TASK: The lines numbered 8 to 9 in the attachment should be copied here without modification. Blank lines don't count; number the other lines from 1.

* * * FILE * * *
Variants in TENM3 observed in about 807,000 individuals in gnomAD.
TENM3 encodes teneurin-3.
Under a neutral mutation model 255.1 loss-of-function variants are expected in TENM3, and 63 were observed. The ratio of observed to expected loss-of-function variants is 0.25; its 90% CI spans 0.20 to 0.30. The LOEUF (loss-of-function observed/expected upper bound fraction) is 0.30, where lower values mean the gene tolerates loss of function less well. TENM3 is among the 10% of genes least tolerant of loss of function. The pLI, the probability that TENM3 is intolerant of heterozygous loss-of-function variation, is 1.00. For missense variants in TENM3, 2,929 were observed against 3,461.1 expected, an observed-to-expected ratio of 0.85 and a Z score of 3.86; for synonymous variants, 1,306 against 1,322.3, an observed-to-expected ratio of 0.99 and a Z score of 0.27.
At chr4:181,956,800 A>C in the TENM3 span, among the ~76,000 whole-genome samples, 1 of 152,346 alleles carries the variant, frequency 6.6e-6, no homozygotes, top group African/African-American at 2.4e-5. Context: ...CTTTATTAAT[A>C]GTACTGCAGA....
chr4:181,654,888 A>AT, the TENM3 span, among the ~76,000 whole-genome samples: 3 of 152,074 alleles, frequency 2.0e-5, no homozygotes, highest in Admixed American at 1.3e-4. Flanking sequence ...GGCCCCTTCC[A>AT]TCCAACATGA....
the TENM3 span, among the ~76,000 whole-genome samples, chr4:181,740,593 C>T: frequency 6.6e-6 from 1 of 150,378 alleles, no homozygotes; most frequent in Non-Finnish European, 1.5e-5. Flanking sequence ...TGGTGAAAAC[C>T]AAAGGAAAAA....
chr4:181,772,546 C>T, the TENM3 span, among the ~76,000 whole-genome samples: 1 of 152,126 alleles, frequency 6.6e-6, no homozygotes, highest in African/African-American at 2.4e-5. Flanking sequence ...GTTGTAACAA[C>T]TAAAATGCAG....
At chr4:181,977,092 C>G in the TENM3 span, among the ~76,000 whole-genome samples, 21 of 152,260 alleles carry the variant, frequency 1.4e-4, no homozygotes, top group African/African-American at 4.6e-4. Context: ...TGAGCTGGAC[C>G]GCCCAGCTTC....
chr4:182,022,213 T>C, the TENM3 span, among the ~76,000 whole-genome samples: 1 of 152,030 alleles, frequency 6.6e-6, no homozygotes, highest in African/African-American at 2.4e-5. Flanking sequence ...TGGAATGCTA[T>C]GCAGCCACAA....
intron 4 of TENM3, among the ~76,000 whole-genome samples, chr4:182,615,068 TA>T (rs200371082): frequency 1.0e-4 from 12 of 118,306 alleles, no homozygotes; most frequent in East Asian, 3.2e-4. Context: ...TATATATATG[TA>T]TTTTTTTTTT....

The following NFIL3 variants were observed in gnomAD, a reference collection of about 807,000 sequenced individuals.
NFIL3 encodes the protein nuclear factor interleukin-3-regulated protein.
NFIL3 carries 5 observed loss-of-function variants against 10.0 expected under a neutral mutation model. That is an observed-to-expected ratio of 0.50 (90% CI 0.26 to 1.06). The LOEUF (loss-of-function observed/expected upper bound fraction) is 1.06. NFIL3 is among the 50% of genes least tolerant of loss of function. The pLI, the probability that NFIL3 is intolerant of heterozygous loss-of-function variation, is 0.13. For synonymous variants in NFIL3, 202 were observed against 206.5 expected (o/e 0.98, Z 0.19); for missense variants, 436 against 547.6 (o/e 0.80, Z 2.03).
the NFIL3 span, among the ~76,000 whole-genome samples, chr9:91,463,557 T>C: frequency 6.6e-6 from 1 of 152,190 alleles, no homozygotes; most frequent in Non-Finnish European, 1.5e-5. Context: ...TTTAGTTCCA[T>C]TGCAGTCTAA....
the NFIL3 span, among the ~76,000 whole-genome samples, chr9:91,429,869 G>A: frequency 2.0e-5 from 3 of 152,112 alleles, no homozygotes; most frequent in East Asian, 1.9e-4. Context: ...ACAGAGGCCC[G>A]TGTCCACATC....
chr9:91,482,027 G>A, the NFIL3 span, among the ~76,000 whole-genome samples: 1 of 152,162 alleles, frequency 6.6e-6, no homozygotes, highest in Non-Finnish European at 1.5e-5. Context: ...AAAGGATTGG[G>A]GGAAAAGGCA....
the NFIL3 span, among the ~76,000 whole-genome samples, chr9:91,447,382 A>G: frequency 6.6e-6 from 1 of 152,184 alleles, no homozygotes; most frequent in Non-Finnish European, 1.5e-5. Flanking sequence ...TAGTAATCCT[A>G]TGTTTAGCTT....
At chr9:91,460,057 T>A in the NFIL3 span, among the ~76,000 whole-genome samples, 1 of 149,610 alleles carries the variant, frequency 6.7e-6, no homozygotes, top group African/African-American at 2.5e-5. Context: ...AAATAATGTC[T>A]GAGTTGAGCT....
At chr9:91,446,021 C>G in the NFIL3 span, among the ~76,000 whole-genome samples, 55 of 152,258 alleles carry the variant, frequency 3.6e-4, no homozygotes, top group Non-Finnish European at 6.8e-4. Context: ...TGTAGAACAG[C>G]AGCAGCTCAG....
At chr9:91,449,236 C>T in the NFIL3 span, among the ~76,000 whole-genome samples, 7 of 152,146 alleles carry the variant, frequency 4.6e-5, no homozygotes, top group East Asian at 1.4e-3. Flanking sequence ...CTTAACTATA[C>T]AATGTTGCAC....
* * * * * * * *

At chr4:181,977,092 C>G in the TENM3 span, among the ~76,000 whole-genome samples, 21 of 152,260 alleles carry the variant, frequency 1.4e-4, no homozygotes, top group African/African-American at 4.6e-4. Context: ...TGAGCTGGAC[C>G]GCCCAGCTTC....
chr4:182,022,213 T>C, the TENM3 span, among the ~76,000 whole-genome samples: 1 of 152,030 alleles, frequency 6.6e-6, no homozygotes, highest in African/African-American at 2.4e-5. Flanking sequence ...TGGAATGCTA[T>C]GCAGCCACAA....